Amazon Rolls Out More Apps for Kindle–Very Slowly
A year after launching its Kindle developer program, Amazon has added another third-party application to its black-and-white e-reader, the viability of which as a popular platform for outside developers remains to be seen.
Today’s addition, which is one of dozens of native apps available in the Kindle Store, is from a small Redmond, Wash.-based start-up, which has built Wordoku, a spin on Sudoku, that uses letters instead of numbers, and acts just like puzzle books found in airports, drugstores and bookstores. The application will cost $3.99, much like other games available in the store.
While it’s easy to dismiss the release as just another game for the Kindle, Roy Leban, CTO and founder of Puzzazz, sees it as much more and has ambitions to change the kind of applications that are built for the Kindle. In all seriousness, he says: “This is big. People will look back at this and really see this as a big change in puzzle delivery.” It’s being called the first in a series of ActiveBooks for Kindle.
The app is the first one that Puzzazz has built, and has taken priority over other more robust developer platforms, like the iPad or other smartphones. Puzzazz has five employees and is self-funded. Leban takes no salary and does consulting on the side to support his habit.
As a true puzzle enthusiast, who’s been published in the New York Times and has been a part of eight previous tech start-ups, Leban is easygoing and entertaining, and puts you on the spot by asking you riddles. In one such example, the clue is “Cape horn?,” 8 letters.” (See bottom of post for answer.)
He claims he can breathe new life into the Kindle games. Some of the other titles that have been produced in the beta program are Electronic Arts’ Sudoku and Solitaire, and there are also four additional titles that have been developed by Amazon, like Blackjack and Minesweeper. But clearly they are all repositioned games from other platforms.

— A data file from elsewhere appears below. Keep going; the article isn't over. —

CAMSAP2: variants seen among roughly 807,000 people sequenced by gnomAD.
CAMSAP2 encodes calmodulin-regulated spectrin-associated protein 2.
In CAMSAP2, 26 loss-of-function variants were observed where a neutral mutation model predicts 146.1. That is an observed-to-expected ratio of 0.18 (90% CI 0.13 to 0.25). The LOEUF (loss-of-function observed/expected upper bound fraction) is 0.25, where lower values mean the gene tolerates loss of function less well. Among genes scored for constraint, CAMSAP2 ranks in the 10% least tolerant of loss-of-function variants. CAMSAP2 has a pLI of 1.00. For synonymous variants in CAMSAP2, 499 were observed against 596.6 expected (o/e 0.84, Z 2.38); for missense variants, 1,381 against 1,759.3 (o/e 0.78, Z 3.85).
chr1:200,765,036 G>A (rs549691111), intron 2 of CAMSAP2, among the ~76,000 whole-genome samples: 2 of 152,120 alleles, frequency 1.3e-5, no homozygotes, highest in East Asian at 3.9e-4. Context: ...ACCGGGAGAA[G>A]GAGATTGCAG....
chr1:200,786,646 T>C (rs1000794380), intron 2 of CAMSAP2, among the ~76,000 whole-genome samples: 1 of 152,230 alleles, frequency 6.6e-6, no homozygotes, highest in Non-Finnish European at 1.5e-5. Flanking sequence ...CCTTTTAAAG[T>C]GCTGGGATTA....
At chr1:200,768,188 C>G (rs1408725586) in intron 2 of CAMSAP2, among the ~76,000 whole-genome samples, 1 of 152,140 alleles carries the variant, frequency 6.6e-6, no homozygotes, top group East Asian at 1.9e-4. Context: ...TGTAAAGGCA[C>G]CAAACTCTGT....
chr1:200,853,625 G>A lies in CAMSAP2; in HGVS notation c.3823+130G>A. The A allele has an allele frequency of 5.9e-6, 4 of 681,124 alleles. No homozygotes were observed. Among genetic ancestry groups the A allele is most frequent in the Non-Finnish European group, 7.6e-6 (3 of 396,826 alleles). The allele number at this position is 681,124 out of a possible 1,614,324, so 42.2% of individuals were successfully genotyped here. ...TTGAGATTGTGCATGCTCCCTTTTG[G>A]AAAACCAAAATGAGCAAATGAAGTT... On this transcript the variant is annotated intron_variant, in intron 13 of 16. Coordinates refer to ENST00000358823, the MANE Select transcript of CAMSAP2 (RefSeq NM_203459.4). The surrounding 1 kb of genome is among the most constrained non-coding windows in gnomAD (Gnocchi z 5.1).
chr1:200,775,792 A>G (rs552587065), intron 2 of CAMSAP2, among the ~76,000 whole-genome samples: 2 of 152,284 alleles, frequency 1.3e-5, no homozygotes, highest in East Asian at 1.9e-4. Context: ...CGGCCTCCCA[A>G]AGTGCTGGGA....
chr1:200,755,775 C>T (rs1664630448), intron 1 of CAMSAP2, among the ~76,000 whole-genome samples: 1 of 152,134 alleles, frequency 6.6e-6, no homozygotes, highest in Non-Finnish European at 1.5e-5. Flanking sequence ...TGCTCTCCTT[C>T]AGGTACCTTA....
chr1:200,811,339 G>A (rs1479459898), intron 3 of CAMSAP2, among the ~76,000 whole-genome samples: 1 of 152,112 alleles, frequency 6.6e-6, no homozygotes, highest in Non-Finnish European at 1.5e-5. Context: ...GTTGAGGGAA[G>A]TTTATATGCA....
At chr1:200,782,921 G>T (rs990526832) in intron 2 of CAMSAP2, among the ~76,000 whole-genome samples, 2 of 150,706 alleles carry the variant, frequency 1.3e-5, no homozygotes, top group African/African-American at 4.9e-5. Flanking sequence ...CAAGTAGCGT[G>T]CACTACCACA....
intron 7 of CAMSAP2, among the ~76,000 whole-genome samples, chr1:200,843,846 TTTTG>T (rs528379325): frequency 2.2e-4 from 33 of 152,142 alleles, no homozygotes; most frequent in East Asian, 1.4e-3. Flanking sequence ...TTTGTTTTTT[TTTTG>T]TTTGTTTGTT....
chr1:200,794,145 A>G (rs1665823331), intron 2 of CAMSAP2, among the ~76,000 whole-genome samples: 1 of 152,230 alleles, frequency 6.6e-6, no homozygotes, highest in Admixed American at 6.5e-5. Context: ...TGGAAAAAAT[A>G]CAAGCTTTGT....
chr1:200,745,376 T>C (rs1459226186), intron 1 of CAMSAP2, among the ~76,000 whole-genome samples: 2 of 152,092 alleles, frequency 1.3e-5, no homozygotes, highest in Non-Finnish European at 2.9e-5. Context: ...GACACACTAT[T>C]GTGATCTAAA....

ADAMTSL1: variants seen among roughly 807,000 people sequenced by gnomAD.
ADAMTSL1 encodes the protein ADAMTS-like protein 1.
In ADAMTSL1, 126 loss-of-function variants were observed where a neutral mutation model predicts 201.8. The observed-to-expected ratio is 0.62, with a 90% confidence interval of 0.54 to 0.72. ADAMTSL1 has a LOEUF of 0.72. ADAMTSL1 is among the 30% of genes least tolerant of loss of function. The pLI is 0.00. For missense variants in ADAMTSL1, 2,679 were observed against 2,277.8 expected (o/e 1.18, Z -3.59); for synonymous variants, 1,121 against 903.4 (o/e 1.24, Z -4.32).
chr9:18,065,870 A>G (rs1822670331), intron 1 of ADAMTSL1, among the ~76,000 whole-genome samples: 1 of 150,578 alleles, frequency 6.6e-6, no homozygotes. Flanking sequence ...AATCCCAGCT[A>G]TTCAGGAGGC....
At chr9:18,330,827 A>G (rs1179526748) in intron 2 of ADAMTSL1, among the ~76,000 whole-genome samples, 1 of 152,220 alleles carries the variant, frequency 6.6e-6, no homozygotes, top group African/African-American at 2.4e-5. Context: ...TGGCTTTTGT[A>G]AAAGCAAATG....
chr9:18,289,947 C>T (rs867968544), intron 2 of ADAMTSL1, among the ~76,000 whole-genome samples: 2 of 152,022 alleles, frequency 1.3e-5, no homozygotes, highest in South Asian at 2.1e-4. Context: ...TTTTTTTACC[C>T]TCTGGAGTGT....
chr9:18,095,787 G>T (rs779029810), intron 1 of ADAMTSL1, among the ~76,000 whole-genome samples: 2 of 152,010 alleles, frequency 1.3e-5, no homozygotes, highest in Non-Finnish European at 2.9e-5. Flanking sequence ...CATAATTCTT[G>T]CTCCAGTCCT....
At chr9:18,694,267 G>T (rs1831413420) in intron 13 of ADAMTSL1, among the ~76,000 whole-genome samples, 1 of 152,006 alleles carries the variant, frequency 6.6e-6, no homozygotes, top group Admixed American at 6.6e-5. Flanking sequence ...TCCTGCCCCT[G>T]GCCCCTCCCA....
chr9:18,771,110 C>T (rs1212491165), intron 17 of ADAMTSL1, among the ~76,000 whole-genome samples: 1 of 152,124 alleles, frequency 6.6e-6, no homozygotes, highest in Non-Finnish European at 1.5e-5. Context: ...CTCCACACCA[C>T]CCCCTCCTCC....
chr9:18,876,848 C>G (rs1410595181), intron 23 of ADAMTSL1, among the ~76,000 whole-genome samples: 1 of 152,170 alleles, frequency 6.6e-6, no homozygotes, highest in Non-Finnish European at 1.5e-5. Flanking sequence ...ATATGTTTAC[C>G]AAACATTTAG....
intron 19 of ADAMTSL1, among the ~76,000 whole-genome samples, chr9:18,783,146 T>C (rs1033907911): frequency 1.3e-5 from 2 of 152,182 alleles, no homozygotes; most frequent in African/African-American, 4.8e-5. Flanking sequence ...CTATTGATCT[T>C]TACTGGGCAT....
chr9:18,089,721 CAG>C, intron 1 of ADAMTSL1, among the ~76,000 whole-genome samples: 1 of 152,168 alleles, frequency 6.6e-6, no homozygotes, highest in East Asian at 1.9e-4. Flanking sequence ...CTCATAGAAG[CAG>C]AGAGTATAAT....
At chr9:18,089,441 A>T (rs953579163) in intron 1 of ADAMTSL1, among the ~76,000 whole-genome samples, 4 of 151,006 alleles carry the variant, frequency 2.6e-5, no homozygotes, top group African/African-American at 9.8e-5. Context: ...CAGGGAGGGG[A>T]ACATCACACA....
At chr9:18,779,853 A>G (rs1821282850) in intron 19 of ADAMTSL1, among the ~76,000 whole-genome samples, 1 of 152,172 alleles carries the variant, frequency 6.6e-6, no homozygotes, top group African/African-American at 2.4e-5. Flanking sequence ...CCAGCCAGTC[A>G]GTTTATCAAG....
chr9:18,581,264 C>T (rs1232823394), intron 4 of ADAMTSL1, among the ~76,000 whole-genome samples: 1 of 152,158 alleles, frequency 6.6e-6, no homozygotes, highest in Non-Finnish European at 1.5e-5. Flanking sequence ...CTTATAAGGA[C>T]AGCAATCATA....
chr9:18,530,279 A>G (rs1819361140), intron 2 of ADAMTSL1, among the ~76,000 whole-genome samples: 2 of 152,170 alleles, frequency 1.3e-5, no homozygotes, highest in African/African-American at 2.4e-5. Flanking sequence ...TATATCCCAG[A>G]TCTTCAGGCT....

Leban claims the approach is wrong. The Kindle is fundamentally not a gaming platform–it’s an e-reader.
To that end, he doesn’t call his new title a game–it’s a puzzle book. It works in the same way as other puzzle books. You can start one puzzle and not finish it. Then move on to the next page and come back later to take a stab at the first one again. Users can change the difficulty after buying the book that fits their needs; otherwise, the puzzles get slightly more difficult as you work your way through the 100-page book.
That’s unlike EA’s offerings, because you have to start a new game and can’t return to multiple puzzles once you’ve left the screen.
To achieve this, Leban says, the puzzles aren’t computer generated, but rather developed by humans with the help of some algorithms. While the differences may be perceived as slight, he says it’s a quality standard that a Saturday New York Times puzzle solver could appreciate compared with the easy puzzles found in drugstores.
But could his idea be even bigger than this?
That’s his hope.
Kindles, iPads and other emerging tablet devices are also expecting to deliver college textbooks, which today are much like scanned pages of a PDF. Why couldn’t a textbook be more interactive?
Students could solve math problems in the same paragraph that introduces the concept, and if their answers are incorrect, they could be instructed on where they went wrong. “The publishing world is so old-school and they don’t have imaginations. They need a kick and we think we serve as a kick.”
As for whether the Kindle will be a big platform for third-party apps, it’s hardly comparable to Apple’s developer community or approval process for the iPhone or iPad. According to the KindlePost.com blog, it’s been announcing three new games for the past two months.
With no numbers on how well the Kindle is selling, or how well the games on the Kindle are selling, it’s unclear what Leban’s real opportunity is, other than getting the standard 70 percent cut of each puzzle book he sells. The Kindle developer program is in beta, which occasionally releases titles to the Kindle Store. A few games have been highlighted in the Kindle blog.
Riddle from above: First clue is “Cape horn?” (8 letters), additional clue is “Horn of South Africa,” third clue is “World Cup noisemaker.” Answer: Vuvuzela.